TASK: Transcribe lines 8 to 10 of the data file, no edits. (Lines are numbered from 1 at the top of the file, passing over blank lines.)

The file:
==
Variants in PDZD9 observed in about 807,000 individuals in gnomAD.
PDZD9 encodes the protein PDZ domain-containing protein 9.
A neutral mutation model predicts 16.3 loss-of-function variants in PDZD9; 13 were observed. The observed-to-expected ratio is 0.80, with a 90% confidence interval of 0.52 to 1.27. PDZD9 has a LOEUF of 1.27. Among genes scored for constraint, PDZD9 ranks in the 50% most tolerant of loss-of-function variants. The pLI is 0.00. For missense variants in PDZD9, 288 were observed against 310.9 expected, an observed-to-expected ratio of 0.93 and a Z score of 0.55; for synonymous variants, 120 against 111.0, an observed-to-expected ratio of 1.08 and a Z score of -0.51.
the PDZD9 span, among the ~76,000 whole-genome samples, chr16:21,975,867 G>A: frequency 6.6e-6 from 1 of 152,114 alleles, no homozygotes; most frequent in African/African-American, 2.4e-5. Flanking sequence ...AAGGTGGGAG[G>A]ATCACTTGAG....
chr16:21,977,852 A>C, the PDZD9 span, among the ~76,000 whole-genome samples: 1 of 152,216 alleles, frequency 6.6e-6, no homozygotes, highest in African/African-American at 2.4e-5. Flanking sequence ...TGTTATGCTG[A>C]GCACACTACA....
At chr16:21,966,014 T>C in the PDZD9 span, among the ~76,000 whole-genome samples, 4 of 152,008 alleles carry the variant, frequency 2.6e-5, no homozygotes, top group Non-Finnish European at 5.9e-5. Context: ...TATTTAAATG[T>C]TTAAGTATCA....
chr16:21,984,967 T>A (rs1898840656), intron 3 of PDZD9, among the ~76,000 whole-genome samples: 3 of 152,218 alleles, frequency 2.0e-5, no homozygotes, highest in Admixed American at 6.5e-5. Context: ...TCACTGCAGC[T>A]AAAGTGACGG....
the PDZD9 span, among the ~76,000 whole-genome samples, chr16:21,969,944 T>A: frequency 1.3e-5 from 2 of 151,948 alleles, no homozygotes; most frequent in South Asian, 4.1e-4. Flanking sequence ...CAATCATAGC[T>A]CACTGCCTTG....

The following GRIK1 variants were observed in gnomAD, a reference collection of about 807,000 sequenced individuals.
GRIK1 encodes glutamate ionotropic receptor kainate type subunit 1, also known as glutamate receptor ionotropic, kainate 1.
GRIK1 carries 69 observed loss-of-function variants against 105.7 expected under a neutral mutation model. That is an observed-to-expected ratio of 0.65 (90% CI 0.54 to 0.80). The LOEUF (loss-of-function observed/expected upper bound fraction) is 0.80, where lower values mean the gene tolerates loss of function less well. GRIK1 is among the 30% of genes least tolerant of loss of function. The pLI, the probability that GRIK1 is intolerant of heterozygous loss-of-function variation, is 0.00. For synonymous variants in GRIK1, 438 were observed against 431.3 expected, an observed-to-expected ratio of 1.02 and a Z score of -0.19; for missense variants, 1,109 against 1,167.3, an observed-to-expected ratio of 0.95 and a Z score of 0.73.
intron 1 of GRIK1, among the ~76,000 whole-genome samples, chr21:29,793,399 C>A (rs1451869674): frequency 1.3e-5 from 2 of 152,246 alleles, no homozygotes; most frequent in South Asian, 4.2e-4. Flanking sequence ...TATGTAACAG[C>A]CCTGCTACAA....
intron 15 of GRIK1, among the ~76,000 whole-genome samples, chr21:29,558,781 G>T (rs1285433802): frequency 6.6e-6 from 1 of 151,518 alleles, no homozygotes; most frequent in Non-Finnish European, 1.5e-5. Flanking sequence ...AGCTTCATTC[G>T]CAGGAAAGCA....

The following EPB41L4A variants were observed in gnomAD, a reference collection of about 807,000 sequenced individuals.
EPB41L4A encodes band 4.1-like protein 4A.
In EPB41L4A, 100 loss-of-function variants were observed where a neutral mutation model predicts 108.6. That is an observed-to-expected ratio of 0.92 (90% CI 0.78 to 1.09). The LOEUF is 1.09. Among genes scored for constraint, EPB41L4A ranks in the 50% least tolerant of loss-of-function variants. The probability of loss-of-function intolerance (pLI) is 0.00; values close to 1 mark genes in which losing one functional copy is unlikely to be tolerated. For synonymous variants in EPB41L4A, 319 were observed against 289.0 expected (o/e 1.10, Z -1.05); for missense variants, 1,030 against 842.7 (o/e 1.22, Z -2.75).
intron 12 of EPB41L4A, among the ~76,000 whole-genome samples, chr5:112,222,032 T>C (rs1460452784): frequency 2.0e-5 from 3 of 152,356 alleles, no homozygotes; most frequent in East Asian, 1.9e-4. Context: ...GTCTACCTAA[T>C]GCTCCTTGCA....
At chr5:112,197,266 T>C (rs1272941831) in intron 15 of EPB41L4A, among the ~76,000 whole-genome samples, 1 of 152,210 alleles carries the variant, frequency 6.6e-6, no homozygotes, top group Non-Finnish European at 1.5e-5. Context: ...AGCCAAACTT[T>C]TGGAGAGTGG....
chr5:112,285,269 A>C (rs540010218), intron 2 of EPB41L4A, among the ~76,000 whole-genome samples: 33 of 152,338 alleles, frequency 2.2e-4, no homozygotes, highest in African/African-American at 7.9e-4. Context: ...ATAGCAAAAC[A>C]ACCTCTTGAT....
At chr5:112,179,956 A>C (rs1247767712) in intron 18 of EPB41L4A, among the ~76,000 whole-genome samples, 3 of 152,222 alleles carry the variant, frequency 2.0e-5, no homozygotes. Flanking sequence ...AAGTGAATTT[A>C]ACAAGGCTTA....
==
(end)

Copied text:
the PDZD9 span, among the ~76,000 whole-genome samples, chr16:21,969,944 T>A: frequency 1.3e-5 from 2 of 151,948 alleles, no homozygotes; most frequent in South Asian, 4.1e-4. Flanking sequence ...CAATCATAGC[T>A]CACTGCCTTG....

The following GRIK1 variants were observed in gnomAD, a reference collection of about 807,000 sequenced individuals.
GRIK1 encodes glutamate ionotropic receptor kainate type subunit 1, also known as glutamate receptor ionotropic, kainate 1.